(Issued by Department of Agriculture)
The Department of Agriculture and Water Resources has released its proposed conditions for sheep exports to the Middle East for the upcoming northern summer to support animal welfare outcomes.
It is proposed that:
- The allometric stocking densities, independent auditing of pen air turnover readings, automatic watering arrangements and reduced notifiable mortality level from the existing Northern Summer Order are maintained.
- There will be a requirement for vessels to be equipped with automated data logging equipment to record wet bulb temperatures and for that data to be reported to the department for all voyages during northern summer to provide a comprehensive picture of animal welfare.
- The Secretary will sign an Order prohibiting sheep exports from June to August by law.
Conditions for September and October will be determined once the Heat Stress Risk Assessment panel has completed its review, a Regulation Impact Statement has been undertaken and the additional evidence on voyages in May 2019 is examined.
The proposed conditions are based on consideration of the draft report of the Heat Stress Risk Assessment panel, submissions in response to the draft report and Independent Observer reports from May 2018.
The Northern Summer Order, which has been in place since the 2018 northern summer, requires live sheep voyages to the Middle East to comply with stricter conditions, including:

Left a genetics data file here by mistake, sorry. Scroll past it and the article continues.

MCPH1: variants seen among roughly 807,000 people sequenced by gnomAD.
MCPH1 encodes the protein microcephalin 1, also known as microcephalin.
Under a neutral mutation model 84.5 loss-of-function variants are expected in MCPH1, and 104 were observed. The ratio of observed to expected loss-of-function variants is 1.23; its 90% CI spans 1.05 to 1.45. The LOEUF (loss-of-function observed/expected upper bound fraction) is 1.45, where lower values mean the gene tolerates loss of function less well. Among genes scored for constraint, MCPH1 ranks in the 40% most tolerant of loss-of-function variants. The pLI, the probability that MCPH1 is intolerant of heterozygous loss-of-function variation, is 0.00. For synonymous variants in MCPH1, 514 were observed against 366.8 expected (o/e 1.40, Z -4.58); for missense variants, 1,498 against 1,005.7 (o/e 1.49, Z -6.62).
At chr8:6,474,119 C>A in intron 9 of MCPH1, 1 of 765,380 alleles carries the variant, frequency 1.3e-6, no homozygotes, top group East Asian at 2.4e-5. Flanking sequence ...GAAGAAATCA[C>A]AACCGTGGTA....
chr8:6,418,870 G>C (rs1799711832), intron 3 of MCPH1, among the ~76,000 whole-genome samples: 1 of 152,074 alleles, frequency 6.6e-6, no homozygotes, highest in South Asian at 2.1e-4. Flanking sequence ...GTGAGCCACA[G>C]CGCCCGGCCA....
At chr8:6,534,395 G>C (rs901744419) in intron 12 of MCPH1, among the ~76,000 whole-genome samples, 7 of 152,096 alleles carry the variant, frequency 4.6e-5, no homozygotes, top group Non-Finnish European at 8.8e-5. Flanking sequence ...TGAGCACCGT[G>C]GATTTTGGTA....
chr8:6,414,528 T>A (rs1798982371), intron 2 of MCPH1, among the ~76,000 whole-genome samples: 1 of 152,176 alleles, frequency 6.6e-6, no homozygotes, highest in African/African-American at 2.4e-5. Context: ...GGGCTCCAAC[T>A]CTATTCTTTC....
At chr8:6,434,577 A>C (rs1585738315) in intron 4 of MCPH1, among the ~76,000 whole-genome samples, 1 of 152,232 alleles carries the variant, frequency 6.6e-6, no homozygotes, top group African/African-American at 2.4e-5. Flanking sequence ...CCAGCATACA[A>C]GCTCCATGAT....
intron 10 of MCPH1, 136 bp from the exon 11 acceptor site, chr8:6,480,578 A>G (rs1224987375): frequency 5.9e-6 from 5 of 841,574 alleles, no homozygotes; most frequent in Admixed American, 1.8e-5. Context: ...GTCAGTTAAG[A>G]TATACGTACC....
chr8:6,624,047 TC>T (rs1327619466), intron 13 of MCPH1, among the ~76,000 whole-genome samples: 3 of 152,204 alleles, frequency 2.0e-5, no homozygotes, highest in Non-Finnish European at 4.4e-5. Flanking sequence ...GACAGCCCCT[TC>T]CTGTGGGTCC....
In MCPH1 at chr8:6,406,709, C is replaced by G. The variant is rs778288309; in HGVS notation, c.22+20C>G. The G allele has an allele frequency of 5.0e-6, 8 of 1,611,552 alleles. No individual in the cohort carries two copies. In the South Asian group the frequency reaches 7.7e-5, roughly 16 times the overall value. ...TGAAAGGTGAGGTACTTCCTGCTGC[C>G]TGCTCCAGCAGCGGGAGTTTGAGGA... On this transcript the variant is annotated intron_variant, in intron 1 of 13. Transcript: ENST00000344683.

- between 11 and 39 per cent more space for sheep than prescribed under the Australian Standards for the Export of Livestock
- independent auditing of pen air turnover readings to verify the data entered into the industry heat stress risk assessment model
- only using vessels that have automatic watering arrangements installed for each sheep deck
- a reduced notifiable mortality level for sheep exported by sea to the Middle East (from 2 to 1 per cent).
Independent Observers are also required on all voyages that can accommodate them to provide an additional layer of assurance that exporters are complying with their requirements.
There was little evidence of significant animal welfare issues on voyages during May 2018 and the department believes it is important to gather more information this May to inform future regulatory decision-making for the northern summer. There was also evidence in submissions that June represents an increase in hot weather, which informed the department's proposal.
The department will use the data to better understand sheep responses to varying wet bulb temperatures in a shipboard environment. This new evidence will be closely scrutinised to build a comprehensive evidence base for live export regulation.
The department remains committed to establishing a regulatory system that establishes the highest standards of animal welfare based on the best possible evidence.
New data gathered on voyages this year will be used to build a comprehensive evidence base for live export regulation in the future.
Feedback on the proposed conditions should be directed to NHS2019comments@agriculture.gov.au. The Secretary expects to make the final Orders on 22 March 2019.
Further information is available at agriculture.gov.au/export/controlled-goods/live-animals/advisory-notices/2019/2019-04.